Minnesota city elects council of all women

By Felicia Roehm

History was made in St. Paul, Minnesota, on Jan. 9 when the new city council was sworn in with all seven members being women and six of the seven being people of color. They are all under the age of 40, and some of the issues the women advocate for are affordable housing, access to child care and the climate crisis. 

The council’s new president, Mitra Jalali, was a former social studies teacher and organizer of policy aide. She has served as a council member for the past four years and was the first Iranian-American to be elected into the city council in 2018. She is prioritizing economic development, sustainability, public safety and homeownership. In an article by the New York Times,  Jalali said: “I’m really hoping for the chance to have much more refined policy conversations and bring our community into this work in a new way.”

Council member Rebecca Noecker, first elected in 2015, was the first woman to be elected into the city council for Ward 2, which spans the center St. Paul. Noecker graduated from Harvard University and was previously a middle school science teacher. Noecker prioritizes equity, economic development and creating opportunities for young people. In the New York Times article, she explains that at 39 years old she is a “senior stateswoman” which she shares is a good thing because, “that means we don’t have this backlog or baggage of institutional memory holding us down.”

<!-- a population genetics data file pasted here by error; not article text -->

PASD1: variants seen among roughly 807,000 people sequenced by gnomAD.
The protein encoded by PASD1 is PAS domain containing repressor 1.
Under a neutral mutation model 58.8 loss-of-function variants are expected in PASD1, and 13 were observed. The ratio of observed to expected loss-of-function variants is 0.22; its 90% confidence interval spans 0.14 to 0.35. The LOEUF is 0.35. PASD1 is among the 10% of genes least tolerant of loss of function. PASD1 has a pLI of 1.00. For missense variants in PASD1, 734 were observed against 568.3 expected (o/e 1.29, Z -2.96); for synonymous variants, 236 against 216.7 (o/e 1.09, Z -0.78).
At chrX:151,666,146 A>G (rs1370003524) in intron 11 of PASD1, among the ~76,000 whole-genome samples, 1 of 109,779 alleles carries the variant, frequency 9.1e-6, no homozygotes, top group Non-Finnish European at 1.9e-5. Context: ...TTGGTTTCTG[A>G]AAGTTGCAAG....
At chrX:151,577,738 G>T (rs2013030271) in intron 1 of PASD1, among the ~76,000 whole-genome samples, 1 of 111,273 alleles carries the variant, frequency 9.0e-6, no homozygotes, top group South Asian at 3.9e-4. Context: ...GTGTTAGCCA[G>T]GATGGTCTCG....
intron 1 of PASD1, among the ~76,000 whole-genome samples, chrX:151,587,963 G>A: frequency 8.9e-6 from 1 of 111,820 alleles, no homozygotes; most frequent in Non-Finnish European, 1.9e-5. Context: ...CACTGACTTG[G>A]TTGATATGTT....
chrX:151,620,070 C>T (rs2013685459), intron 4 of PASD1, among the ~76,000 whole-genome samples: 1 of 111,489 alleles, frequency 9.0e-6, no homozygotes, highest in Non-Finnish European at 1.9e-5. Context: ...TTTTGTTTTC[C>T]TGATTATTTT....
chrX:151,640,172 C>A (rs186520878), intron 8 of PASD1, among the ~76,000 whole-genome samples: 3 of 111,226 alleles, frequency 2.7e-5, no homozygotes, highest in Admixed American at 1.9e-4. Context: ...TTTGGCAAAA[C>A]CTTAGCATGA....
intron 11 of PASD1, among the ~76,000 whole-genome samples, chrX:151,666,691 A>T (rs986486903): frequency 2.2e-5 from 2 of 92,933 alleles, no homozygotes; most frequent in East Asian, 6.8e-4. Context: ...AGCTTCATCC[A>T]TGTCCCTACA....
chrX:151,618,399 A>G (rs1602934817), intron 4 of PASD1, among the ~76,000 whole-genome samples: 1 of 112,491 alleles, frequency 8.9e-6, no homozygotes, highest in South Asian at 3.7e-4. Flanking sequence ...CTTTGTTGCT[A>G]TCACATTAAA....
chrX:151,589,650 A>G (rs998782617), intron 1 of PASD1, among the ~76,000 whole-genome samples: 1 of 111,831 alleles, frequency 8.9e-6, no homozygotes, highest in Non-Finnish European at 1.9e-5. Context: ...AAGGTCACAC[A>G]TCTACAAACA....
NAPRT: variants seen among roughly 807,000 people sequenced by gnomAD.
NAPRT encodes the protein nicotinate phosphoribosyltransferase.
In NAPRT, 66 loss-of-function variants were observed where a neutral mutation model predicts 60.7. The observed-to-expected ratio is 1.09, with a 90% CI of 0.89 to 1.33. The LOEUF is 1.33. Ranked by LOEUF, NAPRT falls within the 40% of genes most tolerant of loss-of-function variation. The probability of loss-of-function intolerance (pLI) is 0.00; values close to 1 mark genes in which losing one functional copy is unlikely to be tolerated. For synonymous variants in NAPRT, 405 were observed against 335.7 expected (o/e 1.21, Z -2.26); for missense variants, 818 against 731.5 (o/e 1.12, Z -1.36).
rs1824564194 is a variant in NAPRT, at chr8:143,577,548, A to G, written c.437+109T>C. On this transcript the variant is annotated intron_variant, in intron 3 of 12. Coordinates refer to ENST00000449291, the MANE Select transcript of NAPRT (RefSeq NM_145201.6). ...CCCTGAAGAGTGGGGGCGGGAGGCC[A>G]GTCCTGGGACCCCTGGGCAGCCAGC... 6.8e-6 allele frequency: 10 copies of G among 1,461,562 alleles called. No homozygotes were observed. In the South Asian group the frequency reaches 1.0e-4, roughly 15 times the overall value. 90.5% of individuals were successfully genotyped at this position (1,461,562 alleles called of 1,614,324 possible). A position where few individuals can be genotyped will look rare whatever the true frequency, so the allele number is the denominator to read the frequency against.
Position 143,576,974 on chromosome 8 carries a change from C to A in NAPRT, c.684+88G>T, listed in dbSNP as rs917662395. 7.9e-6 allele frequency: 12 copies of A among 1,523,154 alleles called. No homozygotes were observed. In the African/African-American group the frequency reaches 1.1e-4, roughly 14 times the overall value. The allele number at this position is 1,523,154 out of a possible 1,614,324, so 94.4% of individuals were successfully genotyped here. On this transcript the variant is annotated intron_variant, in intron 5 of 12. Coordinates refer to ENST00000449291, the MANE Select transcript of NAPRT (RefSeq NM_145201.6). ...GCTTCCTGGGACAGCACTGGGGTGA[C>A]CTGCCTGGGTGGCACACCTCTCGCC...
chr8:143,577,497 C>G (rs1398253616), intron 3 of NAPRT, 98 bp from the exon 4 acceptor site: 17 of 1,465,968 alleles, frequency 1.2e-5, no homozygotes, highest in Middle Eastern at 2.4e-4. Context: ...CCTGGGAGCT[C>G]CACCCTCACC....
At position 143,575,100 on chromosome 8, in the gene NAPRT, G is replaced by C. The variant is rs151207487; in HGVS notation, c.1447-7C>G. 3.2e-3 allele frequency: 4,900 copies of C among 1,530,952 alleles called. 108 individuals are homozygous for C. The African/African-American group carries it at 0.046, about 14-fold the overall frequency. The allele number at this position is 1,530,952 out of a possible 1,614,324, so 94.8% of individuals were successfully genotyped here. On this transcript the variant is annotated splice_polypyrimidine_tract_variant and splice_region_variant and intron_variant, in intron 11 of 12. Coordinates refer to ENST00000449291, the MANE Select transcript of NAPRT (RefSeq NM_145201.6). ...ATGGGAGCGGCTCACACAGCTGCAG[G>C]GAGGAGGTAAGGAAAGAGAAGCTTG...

Ward 6 council member Nelsie Yang has been a community organizer since 2015, and in 2019 became the first Hmong-American woman to be elected into the city council. In 1989, her parents came to America where they raised Yang as well as her four other siblings. She faced many struggles growing up, especially with economic stress, but she has used those experiences as a way to keep herself motivated. Yang prioritizes issues like sexism, racism and classism and has worked with organizations such as Take Action Minnesota and Hmong Americans for Justice. 

Yang shares that she is thrilled about the all-women council in the New York Times article and said, “this is the vision I had when I first started organizing eight years ago. Change doesn’t happen with the same voices at the table.”

There are four newcomers to the council, the first being Anika Bowie. Bowie is a lifelong resident of St. Paul and a serial entrepreneur, a community organizer and a passionate advocate for improving people’s lives through leadership and civic engagement. She is a graduate from Hamline University and has lived through homelessness, losing a loved one and trying to navigate the justice system while facing racism and sexism. 

She is devoted to treating everyone equally no matter their race, religion, gender or economic status. She believes the difficulties that she has faced has made her a strong and compassionate leader. Bowie explains that for the all-women council she is “excited to see how we dance together,” and although there may be arguments she hopes they are “righteous fights.”   

Newcomer Cheniqua Johnson has worked in politics for the past decade and has worked directly at every level of government in St. Paul. She is a graduate from University of Minnesota with a degree in family social science and is a former congressional staffer for current Attorney General Keith Ellison. Johnson is dedicated to finding safe and stable homes for everyone as well as public safety. She has helped raise over $2 million to improve health and wellness in her community. 

On her website Johnson said, “Grounded in the values instilled in me by my family, I’ve dedicated my life to organizing and advocating to build a better Minnesota. I’ll consistently work to ensure no family has to choose between having a nutritious meal or a roof over their heads.” 

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